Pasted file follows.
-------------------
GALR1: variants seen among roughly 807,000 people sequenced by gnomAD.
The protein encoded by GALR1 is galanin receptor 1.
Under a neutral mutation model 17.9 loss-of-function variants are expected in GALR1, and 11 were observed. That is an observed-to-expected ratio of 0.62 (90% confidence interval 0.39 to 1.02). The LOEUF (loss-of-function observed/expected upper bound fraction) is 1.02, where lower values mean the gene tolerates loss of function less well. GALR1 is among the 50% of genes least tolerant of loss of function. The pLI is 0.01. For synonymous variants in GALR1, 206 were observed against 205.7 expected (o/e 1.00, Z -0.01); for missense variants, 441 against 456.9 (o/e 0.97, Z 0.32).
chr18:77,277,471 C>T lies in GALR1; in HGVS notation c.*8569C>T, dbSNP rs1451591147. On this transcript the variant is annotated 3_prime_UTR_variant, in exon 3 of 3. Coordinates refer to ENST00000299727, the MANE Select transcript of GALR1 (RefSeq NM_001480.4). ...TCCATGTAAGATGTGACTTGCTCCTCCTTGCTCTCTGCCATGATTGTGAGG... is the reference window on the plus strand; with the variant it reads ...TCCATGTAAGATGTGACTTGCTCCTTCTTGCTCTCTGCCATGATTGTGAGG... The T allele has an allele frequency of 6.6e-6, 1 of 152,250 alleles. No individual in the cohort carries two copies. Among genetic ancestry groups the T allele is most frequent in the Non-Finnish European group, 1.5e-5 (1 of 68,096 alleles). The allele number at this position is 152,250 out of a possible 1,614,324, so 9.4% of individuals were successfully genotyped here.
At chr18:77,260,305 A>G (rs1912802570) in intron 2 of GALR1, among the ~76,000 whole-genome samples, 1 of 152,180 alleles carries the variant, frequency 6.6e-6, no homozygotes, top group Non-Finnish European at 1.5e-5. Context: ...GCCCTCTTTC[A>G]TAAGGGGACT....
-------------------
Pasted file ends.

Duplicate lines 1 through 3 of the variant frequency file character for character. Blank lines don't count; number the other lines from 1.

GALR1: variants seen among roughly 807,000 people sequenced by gnomAD.
The protein encoded by GALR1 is galanin receptor 1.
Under a neutral mutation model 17.9 loss-of-function variants are expected in GALR1, and 11 were observed. That is an observed-to-expected ratio of 0.62 (90% confidence interval 0.39 to 1.02). The LOEUF (loss-of-function observed/expected upper bound fraction) is 1.02, where lower values mean the gene tolerates loss of function less well. GALR1 is among the 50% of genes least tolerant of loss of function. The pLI is 0.01. For synonymous variants in GALR1, 206 were observed against 205.7 expected (o/e 1.00, Z -0.01); for missense variants, 441 against 456.9 (o/e 0.97, Z 0.32).